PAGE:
Well conference-goers, do not spend your weekend being (as I have) a disappointed would-be policy tweaker. Bring your ideas to the Consultative Sessions!

In particular, as a member of the snappily-titled Climate Change and Low-Carbon Economy Policy Working Group I want to urge you to come and spend your Saturday lunchtime in our clean, green company.

The Working Group has produced an initial consultation paper, but detailed policy formulation is still at an early stage so your thoughts, ideas and inspiration on this cornerstone of Lib Dem policy would be very welcome.  We put forward some excellent policies in the 2017 manifesto that have been developed recently by the Vision for Britain: Clean, Green and Carbon Free report.  Our task as a Working Group is to build on this strong base.

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My view on our conference motion to end discrimination in mental health care

The problem with conference is that it is impossible to get to everything! I was hoping to speak on Sunday morning in our debate on the policy motion entitled, “Ending Discrimination In Mental Health Provision”. Regular readers of LDV know that mental health policy is an area I feel strongly about, so I am gutted I can’t get there due to a conflict.

 So I’ll blog my speech instead…

Currently, in our country if you are someone without a mental disorder you have an absolute right to refuse medical treatment or refuse to be detained for medical purposes.

However, if you have a mental disorder or have learning difficulties you lose that right and can be detained and treated under the Mental Health Act 1983 without giving consent.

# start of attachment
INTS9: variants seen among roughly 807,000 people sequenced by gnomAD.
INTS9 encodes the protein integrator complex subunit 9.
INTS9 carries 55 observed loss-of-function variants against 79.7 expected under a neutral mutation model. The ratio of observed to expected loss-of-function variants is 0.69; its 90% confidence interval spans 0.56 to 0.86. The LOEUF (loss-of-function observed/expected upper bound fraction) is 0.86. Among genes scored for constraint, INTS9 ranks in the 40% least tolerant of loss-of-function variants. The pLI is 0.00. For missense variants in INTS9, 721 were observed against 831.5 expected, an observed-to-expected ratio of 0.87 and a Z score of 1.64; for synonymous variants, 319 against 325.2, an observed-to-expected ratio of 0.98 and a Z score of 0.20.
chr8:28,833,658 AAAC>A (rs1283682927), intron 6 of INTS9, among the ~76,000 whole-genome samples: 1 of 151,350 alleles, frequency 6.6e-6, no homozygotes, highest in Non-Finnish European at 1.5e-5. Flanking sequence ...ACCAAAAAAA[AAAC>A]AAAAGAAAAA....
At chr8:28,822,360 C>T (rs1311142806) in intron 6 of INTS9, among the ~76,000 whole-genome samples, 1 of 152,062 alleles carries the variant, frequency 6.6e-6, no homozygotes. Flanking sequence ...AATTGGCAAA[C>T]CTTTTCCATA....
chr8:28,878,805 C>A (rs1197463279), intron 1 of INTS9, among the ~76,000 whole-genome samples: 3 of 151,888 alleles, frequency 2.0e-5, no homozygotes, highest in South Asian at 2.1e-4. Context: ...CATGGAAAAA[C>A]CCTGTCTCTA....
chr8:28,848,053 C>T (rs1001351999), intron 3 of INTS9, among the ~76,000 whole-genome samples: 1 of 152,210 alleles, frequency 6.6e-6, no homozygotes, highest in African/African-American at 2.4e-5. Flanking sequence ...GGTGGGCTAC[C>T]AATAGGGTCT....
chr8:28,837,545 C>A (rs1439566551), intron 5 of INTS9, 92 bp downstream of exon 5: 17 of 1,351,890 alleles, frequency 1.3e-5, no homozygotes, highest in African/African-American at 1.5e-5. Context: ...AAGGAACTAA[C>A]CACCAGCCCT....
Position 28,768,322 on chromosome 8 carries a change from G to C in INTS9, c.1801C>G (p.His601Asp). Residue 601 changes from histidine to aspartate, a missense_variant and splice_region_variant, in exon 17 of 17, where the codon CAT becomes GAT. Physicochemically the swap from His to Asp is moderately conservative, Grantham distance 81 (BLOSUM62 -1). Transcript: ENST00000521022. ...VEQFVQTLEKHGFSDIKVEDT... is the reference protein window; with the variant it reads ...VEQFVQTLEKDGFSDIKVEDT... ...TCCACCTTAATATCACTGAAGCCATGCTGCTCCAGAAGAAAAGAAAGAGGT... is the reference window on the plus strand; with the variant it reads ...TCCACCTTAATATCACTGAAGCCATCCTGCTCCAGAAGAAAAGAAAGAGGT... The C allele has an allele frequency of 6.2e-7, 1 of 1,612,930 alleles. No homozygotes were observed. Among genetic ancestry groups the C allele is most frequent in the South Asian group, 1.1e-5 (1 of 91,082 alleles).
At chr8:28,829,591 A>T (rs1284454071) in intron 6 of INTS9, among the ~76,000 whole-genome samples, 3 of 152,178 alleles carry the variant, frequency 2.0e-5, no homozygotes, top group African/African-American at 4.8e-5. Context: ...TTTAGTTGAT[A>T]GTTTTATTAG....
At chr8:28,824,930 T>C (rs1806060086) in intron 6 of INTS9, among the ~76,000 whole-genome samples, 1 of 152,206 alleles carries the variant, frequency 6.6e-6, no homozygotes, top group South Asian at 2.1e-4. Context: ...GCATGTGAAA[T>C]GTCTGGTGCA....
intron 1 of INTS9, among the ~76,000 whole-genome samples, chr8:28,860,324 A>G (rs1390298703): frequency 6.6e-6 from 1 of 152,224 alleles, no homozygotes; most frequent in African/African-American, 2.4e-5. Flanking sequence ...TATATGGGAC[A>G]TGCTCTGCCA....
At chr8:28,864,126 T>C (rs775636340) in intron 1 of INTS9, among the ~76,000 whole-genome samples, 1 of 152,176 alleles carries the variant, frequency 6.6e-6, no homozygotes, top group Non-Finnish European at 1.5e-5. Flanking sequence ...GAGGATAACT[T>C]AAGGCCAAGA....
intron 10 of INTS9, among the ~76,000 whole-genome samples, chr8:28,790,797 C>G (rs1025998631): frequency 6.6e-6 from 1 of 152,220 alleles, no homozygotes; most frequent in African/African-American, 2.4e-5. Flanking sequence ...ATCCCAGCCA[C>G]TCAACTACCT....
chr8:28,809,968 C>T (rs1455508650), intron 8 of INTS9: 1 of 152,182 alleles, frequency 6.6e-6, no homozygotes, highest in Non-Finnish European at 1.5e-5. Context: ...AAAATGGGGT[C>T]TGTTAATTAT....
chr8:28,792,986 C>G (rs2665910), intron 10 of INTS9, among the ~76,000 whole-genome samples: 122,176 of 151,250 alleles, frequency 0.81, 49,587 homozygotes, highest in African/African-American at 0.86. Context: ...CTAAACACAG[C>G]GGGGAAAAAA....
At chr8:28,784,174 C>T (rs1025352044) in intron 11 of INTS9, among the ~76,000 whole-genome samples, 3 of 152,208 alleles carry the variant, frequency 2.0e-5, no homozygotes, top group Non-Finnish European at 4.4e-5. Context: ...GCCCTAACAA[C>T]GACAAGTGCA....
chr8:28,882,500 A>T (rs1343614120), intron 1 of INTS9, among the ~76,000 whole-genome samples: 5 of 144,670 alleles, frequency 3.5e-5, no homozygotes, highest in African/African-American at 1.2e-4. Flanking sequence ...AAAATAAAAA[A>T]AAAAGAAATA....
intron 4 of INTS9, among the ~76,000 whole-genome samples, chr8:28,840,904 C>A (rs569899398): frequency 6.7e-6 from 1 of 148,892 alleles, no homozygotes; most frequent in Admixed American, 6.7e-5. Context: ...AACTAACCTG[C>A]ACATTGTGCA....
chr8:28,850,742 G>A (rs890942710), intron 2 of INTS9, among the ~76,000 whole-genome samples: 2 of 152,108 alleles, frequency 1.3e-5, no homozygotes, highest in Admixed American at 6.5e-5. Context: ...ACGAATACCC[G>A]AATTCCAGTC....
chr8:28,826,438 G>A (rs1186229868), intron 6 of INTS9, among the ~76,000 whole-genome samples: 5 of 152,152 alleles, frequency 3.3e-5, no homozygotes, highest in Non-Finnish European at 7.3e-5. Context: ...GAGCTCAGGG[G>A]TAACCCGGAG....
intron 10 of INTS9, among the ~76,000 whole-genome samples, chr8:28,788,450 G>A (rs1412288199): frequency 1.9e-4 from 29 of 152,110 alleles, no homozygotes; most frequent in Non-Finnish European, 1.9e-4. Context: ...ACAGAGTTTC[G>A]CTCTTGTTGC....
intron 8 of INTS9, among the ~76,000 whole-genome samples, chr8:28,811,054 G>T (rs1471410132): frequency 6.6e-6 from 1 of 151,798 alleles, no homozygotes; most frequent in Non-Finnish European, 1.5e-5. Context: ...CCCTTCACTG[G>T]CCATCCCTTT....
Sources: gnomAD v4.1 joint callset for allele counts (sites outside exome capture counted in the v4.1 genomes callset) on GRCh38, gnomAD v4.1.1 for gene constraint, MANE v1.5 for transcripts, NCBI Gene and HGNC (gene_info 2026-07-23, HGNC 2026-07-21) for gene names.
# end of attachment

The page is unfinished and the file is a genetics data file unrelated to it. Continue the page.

As the charity Mind has pointed out, anyone with capacity who does not have a mental disorder should not be involuntarily detained. Forcibly detaining someone based on disability is completely discriminatory and should be stopped. As this motion says in lines 17-18, such detentions are in breach of the UN Convention on the rights of Persons with Disabilities.

I am particularly concerned that the Mental Health Act 1983, as amended by the Mental Health Act 2007, justifies the involuntary detention of those with learning difficulties whose behaviour is “abnormally aggressive or seriously irresponsible”. Behaviours in those with learning difficulties often have unrelated causes (sensory overload, for example), so understanding the cause of such behaviour, and treating the underlying symptoms is what is needed, not involuntary detention.

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Things to do on the Friday night before Lib Dem Conference

Are you heading to Lib Dems conference in Brighton?  Are you arriving on Friday?

If so, then you may have noticed that the conference doesn’t start until 9am on Saturday 15th September.

Well once you’ve arrived on Friday and have settled down, you might wonder about what to do with your evening. Fortunately, there are two outstanding Lib Dem options for your evening:

  1. #LibDemPint

A popular choice, Lib Dem Pint runs from 7pm to 11pm at the Palm Court Restaurant on Brighton Pier. Tickets are £5 on the door or can be bought in advance online here.This is always a busy pub …

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A challenge for Labour on the development of jobs and businesses in Britain

What can the Liberal Democrats offer Labour voters who don’t like the way their great party is heading under Jeremy Corbyn? What, particularly, has our party to offer the working people of this country who have seen their standard of living drop under the Government’s austerity programme and can’t expect better if Brexit happens?